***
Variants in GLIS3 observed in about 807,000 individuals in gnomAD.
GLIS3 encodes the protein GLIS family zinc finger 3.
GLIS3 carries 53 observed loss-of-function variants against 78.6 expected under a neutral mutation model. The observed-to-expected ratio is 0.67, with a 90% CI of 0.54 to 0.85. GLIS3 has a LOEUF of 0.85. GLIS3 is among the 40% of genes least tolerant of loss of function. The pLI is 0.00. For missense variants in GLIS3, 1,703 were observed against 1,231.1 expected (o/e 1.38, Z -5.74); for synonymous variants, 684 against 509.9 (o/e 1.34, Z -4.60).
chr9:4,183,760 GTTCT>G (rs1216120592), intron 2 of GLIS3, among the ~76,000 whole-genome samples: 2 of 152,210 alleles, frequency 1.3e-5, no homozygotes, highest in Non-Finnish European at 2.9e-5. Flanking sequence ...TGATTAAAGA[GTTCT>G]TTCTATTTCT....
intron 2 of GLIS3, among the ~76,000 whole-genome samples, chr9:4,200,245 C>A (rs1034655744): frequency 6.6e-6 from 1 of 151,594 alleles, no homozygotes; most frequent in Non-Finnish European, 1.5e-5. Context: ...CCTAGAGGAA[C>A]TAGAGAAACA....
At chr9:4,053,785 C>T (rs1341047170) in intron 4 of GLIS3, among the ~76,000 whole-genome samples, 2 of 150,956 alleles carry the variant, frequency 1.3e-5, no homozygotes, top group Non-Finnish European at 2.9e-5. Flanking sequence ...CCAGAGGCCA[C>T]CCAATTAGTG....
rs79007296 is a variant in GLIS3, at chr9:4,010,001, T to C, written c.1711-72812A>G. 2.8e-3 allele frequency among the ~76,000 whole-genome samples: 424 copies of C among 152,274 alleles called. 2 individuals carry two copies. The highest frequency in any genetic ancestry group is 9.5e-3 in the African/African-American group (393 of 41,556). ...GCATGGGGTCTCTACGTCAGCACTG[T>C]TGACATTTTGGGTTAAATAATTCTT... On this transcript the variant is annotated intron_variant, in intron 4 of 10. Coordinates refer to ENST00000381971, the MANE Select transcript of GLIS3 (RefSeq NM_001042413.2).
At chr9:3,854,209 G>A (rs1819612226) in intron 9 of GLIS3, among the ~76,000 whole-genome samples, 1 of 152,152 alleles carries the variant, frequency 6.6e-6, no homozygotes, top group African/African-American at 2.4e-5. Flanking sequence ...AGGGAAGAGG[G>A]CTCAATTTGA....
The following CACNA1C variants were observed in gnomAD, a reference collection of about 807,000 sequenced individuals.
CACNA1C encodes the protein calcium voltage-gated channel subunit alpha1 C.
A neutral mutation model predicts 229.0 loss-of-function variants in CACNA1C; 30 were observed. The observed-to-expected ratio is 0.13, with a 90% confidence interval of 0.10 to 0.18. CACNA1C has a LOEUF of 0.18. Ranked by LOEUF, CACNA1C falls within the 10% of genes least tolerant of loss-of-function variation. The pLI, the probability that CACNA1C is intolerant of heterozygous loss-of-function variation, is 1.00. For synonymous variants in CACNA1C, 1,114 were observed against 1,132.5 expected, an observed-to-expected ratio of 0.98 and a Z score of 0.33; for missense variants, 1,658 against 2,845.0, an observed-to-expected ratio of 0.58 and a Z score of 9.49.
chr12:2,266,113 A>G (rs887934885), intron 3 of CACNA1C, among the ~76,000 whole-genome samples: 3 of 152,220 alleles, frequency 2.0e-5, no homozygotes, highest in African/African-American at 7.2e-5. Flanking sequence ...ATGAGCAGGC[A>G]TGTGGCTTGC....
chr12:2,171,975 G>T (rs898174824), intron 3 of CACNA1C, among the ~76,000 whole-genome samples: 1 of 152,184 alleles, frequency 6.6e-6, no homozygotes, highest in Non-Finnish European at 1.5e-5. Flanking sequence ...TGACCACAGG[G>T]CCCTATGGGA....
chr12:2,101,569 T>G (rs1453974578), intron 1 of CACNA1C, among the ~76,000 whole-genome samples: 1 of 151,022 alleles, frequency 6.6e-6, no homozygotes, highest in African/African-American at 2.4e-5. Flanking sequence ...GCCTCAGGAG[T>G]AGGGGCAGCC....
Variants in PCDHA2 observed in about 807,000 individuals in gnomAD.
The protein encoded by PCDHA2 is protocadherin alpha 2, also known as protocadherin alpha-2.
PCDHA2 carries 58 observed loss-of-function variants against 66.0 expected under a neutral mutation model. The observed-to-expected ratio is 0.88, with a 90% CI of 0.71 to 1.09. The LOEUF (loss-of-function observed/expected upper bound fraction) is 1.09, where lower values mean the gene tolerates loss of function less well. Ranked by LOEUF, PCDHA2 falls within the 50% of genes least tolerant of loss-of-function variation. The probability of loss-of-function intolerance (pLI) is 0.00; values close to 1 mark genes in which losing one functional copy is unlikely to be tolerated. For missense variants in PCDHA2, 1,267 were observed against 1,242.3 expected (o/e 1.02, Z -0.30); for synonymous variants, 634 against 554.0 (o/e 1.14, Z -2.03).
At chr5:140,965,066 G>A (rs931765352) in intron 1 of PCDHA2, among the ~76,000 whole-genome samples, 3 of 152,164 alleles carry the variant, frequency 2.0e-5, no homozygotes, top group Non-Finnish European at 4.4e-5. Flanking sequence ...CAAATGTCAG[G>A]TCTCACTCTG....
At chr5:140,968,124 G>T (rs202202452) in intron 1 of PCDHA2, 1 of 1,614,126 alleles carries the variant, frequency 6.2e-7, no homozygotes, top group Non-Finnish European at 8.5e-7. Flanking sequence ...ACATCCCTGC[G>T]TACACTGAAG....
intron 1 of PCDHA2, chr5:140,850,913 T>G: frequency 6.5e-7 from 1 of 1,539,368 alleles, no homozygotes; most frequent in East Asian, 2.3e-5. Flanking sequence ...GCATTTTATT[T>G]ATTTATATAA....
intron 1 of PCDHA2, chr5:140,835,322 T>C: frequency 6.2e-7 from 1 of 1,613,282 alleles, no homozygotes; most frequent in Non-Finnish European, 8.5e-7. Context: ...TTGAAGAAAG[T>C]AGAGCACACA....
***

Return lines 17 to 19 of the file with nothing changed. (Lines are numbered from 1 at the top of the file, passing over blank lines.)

PCDHA2 carries 58 observed loss-of-function variants against 66.0 expected under a neutral mutation model. The observed-to-expected ratio is 0.88, with a 90% CI of 0.71 to 1.09. The LOEUF (loss-of-function observed/expected upper bound fraction) is 1.09, where lower values mean the gene tolerates loss of function less well. Ranked by LOEUF, PCDHA2 falls within the 50% of genes least tolerant of loss-of-function variation. The probability of loss-of-function intolerance (pLI) is 0.00; values close to 1 mark genes in which losing one functional copy is unlikely to be tolerated. For missense variants in PCDHA2, 1,267 were observed against 1,242.3 expected (o/e 1.02, Z -0.30); for synonymous variants, 634 against 554.0 (o/e 1.14, Z -2.03).
At chr5:140,965,066 G>A (rs931765352) in intron 1 of PCDHA2, among the ~76,000 whole-genome samples, 3 of 152,164 alleles carry the variant, frequency 2.0e-5, no homozygotes, top group Non-Finnish European at 4.4e-5. Flanking sequence ...CAAATGTCAG[G>A]TCTCACTCTG....
At chr5:140,968,124 G>T (rs202202452) in intron 1 of PCDHA2, 1 of 1,614,126 alleles carries the variant, frequency 6.2e-7, no homozygotes, top group Non-Finnish European at 8.5e-7. Flanking sequence ...ACATCCCTGC[G>T]TACACTGAAG....